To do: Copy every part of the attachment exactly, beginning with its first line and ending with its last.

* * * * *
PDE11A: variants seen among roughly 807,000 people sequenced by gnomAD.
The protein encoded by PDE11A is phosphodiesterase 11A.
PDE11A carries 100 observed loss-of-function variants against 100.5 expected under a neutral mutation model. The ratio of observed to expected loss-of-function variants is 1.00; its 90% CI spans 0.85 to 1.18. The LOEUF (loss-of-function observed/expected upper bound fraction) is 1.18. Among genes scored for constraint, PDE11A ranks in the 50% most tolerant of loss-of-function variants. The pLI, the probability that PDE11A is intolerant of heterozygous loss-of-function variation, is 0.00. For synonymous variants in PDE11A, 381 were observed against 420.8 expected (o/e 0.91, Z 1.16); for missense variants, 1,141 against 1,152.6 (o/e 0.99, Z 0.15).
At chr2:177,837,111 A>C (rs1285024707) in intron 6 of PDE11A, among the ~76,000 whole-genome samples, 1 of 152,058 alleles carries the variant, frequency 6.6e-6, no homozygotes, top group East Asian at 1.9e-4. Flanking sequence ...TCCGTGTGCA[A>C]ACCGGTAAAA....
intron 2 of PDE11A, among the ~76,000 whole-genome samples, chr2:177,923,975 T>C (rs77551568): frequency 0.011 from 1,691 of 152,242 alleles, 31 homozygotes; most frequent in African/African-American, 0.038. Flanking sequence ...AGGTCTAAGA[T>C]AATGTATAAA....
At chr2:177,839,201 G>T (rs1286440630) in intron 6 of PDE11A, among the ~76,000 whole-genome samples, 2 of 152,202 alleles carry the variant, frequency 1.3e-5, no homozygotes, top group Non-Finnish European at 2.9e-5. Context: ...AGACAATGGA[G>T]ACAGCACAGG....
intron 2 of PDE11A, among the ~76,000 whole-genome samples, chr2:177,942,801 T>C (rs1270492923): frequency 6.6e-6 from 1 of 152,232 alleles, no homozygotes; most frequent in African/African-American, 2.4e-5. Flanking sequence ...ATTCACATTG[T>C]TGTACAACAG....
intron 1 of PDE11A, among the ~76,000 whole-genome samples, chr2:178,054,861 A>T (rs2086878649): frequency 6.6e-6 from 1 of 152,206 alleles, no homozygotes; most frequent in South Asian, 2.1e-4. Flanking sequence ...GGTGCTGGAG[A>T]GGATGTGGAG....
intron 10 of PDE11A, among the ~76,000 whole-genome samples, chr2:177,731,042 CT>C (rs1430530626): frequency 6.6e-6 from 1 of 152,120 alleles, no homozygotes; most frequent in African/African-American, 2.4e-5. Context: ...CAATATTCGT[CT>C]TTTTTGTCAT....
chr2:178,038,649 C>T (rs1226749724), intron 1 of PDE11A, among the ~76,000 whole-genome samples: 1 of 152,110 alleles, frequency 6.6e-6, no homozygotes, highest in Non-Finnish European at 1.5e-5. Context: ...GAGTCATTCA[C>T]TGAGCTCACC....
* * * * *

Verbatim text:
PDE11A: variants seen among roughly 807,000 people sequenced by gnomAD.
The protein encoded by PDE11A is phosphodiesterase 11A.
PDE11A carries 100 observed loss-of-function variants against 100.5 expected under a neutral mutation model. The ratio of observed to expected loss-of-function variants is 1.00; its 90% CI spans 0.85 to 1.18. The LOEUF (loss-of-function observed/expected upper bound fraction) is 1.18. Among genes scored for constraint, PDE11A ranks in the 50% most tolerant of loss-of-function variants. The pLI, the probability that PDE11A is intolerant of heterozygous loss-of-function variation, is 0.00. For synonymous variants in PDE11A, 381 were observed against 420.8 expected (o/e 0.91, Z 1.16); for missense variants, 1,141 against 1,152.6 (o/e 0.99, Z 0.15).
At chr2:177,837,111 A>C (rs1285024707) in intron 6 of PDE11A, among the ~76,000 whole-genome samples, 1 of 152,058 alleles carries the variant, frequency 6.6e-6, no homozygotes, top group East Asian at 1.9e-4. Flanking sequence ...TCCGTGTGCA[A>C]ACCGGTAAAA....
intron 2 of PDE11A, among the ~76,000 whole-genome samples, chr2:177,923,975 T>C (rs77551568): frequency 0.011 from 1,691 of 152,242 alleles, 31 homozygotes; most frequent in African/African-American, 0.038. Flanking sequence ...AGGTCTAAGA[T>C]AATGTATAAA....
At chr2:177,839,201 G>T (rs1286440630) in intron 6 of PDE11A, among the ~76,000 whole-genome samples, 2 of 152,202 alleles carry the variant, frequency 1.3e-5, no homozygotes, top group Non-Finnish European at 2.9e-5. Context: ...AGACAATGGA[G>T]ACAGCACAGG....
intron 2 of PDE11A, among the ~76,000 whole-genome samples, chr2:177,942,801 T>C (rs1270492923): frequency 6.6e-6 from 1 of 152,232 alleles, no homozygotes; most frequent in African/African-American, 2.4e-5. Flanking sequence ...ATTCACATTG[T>C]TGTACAACAG....
intron 1 of PDE11A, among the ~76,000 whole-genome samples, chr2:178,054,861 A>T (rs2086878649): frequency 6.6e-6 from 1 of 152,206 alleles, no homozygotes; most frequent in South Asian, 2.1e-4. Flanking sequence ...GGTGCTGGAG[A>T]GGATGTGGAG....
intron 10 of PDE11A, among the ~76,000 whole-genome samples, chr2:177,731,042 CT>C (rs1430530626): frequency 6.6e-6 from 1 of 152,120 alleles, no homozygotes; most frequent in African/African-American, 2.4e-5. Context: ...CAATATTCGT[CT>C]TTTTTGTCAT....
chr2:178,038,649 C>T (rs1226749724), intron 1 of PDE11A, among the ~76,000 whole-genome samples: 1 of 152,110 alleles, frequency 6.6e-6, no homozygotes, highest in Non-Finnish European at 1.5e-5. Context: ...GAGTCATTCA[C>T]TGAGCTCACC....